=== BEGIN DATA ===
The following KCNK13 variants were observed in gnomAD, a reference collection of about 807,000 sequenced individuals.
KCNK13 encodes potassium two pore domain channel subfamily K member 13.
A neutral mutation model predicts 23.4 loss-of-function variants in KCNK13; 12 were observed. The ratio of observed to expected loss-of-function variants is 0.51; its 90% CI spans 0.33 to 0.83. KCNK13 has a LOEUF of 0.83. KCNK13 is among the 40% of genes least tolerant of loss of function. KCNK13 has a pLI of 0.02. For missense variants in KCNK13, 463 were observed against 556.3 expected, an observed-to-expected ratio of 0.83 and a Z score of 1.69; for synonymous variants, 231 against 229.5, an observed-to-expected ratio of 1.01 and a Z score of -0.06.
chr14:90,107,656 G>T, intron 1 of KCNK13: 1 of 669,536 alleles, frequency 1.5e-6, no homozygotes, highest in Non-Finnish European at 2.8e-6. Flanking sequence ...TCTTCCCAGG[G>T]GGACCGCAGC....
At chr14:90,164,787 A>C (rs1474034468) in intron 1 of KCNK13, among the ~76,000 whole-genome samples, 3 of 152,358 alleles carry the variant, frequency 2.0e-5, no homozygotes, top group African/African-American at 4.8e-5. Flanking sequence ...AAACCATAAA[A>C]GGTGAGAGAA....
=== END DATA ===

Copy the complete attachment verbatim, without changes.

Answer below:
The following KCNK13 variants were observed in gnomAD, a reference collection of about 807,000 sequenced individuals.
KCNK13 encodes potassium two pore domain channel subfamily K member 13.
A neutral mutation model predicts 23.4 loss-of-function variants in KCNK13; 12 were observed. The ratio of observed to expected loss-of-function variants is 0.51; its 90% CI spans 0.33 to 0.83. KCNK13 has a LOEUF of 0.83. KCNK13 is among the 40% of genes least tolerant of loss of function. KCNK13 has a pLI of 0.02. For missense variants in KCNK13, 463 were observed against 556.3 expected, an observed-to-expected ratio of 0.83 and a Z score of 1.69; for synonymous variants, 231 against 229.5, an observed-to-expected ratio of 1.01 and a Z score of -0.06.
chr14:90,107,656 G>T, intron 1 of KCNK13: 1 of 669,536 alleles, frequency 1.5e-6, no homozygotes, highest in Non-Finnish European at 2.8e-6. Flanking sequence ...TCTTCCCAGG[G>T]GGACCGCAGC....
At chr14:90,164,787 A>C (rs1474034468) in intron 1 of KCNK13, among the ~76,000 whole-genome samples, 3 of 152,358 alleles carry the variant, frequency 2.0e-5, no homozygotes, top group African/African-American at 4.8e-5. Flanking sequence ...AAACCATAAA[A>C]GGTGAGAGAA....